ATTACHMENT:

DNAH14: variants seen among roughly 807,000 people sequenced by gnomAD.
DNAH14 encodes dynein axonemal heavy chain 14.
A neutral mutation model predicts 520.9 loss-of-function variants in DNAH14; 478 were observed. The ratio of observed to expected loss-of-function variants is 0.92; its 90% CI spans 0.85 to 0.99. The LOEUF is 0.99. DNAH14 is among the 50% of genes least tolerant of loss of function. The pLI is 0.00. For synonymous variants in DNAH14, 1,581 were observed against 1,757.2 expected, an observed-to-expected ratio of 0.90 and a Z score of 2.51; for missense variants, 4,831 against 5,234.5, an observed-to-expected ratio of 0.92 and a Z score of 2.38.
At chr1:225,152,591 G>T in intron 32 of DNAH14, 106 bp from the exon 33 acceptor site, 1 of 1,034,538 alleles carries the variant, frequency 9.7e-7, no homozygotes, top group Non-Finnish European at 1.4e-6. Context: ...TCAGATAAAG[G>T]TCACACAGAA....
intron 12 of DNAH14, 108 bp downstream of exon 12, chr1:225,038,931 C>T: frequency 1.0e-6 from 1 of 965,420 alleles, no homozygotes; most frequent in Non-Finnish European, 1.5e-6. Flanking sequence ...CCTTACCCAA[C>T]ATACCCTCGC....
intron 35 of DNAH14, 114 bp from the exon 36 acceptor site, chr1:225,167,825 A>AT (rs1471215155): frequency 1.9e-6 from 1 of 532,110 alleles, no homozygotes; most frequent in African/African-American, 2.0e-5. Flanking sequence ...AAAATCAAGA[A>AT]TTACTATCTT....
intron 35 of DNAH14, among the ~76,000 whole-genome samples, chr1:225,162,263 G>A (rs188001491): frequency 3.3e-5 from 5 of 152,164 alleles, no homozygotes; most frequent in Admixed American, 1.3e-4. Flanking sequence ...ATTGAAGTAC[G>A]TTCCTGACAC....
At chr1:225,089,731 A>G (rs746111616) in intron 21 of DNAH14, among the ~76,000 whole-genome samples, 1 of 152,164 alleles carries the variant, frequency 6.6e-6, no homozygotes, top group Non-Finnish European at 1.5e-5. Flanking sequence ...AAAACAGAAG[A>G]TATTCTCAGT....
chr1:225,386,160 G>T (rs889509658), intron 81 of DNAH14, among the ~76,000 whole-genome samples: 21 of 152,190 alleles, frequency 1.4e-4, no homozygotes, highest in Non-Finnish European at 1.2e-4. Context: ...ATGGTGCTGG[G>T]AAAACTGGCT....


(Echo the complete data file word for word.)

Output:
DNAH14: variants seen among roughly 807,000 people sequenced by gnomAD.
DNAH14 encodes dynein axonemal heavy chain 14.
A neutral mutation model predicts 520.9 loss-of-function variants in DNAH14; 478 were observed. The ratio of observed to expected loss-of-function variants is 0.92; its 90% CI spans 0.85 to 0.99. The LOEUF is 0.99. DNAH14 is among the 50% of genes least tolerant of loss of function. The pLI is 0.00. For synonymous variants in DNAH14, 1,581 were observed against 1,757.2 expected, an observed-to-expected ratio of 0.90 and a Z score of 2.51; for missense variants, 4,831 against 5,234.5, an observed-to-expected ratio of 0.92 and a Z score of 2.38.
At chr1:225,152,591 G>T in intron 32 of DNAH14, 106 bp from the exon 33 acceptor site, 1 of 1,034,538 alleles carries the variant, frequency 9.7e-7, no homozygotes, top group Non-Finnish European at 1.4e-6. Context: ...TCAGATAAAG[G>T]TCACACAGAA....
intron 12 of DNAH14, 108 bp downstream of exon 12, chr1:225,038,931 C>T: frequency 1.0e-6 from 1 of 965,420 alleles, no homozygotes; most frequent in Non-Finnish European, 1.5e-6. Flanking sequence ...CCTTACCCAA[C>T]ATACCCTCGC....
intron 35 of DNAH14, 114 bp from the exon 36 acceptor site, chr1:225,167,825 A>AT (rs1471215155): frequency 1.9e-6 from 1 of 532,110 alleles, no homozygotes; most frequent in African/African-American, 2.0e-5. Flanking sequence ...AAAATCAAGA[A>AT]TTACTATCTT....
intron 35 of DNAH14, among the ~76,000 whole-genome samples, chr1:225,162,263 G>A (rs188001491): frequency 3.3e-5 from 5 of 152,164 alleles, no homozygotes; most frequent in Admixed American, 1.3e-4. Flanking sequence ...ATTGAAGTAC[G>A]TTCCTGACAC....
At chr1:225,089,731 A>G (rs746111616) in intron 21 of DNAH14, among the ~76,000 whole-genome samples, 1 of 152,164 alleles carries the variant, frequency 6.6e-6, no homozygotes, top group Non-Finnish European at 1.5e-5. Flanking sequence ...AAAACAGAAG[A>G]TATTCTCAGT....
chr1:225,386,160 G>T (rs889509658), intron 81 of DNAH14, among the ~76,000 whole-genome samples: 21 of 152,190 alleles, frequency 1.4e-4, no homozygotes, highest in Non-Finnish European at 1.2e-4. Context: ...ATGGTGCTGG[G>T]AAAACTGGCT....